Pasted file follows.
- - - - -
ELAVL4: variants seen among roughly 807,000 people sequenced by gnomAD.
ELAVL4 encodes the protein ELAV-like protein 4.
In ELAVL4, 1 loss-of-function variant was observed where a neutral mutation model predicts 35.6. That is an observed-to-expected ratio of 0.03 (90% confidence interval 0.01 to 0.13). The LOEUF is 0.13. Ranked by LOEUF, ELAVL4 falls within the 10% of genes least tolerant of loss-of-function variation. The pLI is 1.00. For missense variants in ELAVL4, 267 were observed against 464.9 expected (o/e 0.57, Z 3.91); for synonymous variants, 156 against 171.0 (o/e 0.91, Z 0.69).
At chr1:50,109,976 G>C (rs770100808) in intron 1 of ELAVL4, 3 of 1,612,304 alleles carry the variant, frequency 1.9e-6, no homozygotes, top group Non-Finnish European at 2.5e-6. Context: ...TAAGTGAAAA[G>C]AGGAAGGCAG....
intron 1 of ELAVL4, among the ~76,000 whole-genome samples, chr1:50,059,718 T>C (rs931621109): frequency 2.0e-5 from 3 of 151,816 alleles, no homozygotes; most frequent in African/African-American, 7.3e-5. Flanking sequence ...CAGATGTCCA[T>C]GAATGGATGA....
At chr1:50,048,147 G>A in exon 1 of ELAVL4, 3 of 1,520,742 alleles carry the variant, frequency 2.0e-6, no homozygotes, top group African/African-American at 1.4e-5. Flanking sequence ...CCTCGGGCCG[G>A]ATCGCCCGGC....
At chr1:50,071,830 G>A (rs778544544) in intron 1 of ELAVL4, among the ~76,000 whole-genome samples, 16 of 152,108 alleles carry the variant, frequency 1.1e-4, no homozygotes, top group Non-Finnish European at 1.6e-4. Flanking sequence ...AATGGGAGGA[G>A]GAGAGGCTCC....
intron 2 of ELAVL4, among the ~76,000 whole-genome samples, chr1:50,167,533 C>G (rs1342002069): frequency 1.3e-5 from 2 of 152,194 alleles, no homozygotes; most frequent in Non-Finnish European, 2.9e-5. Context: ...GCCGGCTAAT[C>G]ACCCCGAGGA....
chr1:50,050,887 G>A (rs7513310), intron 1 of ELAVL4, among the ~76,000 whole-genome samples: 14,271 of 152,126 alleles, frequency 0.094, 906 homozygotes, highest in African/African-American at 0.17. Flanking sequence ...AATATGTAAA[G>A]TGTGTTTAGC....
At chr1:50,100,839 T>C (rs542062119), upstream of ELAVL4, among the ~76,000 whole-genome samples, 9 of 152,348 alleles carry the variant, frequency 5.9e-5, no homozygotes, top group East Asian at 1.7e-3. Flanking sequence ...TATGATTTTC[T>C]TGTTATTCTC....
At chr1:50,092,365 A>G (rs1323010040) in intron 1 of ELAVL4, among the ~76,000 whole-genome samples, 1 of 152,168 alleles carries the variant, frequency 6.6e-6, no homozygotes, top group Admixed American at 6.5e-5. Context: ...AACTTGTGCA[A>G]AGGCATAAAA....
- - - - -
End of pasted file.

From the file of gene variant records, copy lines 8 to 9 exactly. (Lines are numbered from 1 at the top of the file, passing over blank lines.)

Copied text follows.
intron 2 of ELAVL4, among the ~76,000 whole-genome samples, chr1:50,167,533 C>G (rs1342002069): frequency 1.3e-5 from 2 of 152,194 alleles, no homozygotes; most frequent in Non-Finnish European, 2.9e-5. Context: ...GCCGGCTAAT[C>G]ACCCCGAGGA....
chr1:50,050,887 G>A (rs7513310), intron 1 of ELAVL4, among the ~76,000 whole-genome samples: 14,271 of 152,126 alleles, frequency 0.094, 906 homozygotes, highest in African/African-American at 0.17. Flanking sequence ...AATATGTAAA[G>A]TGTGTTTAGC....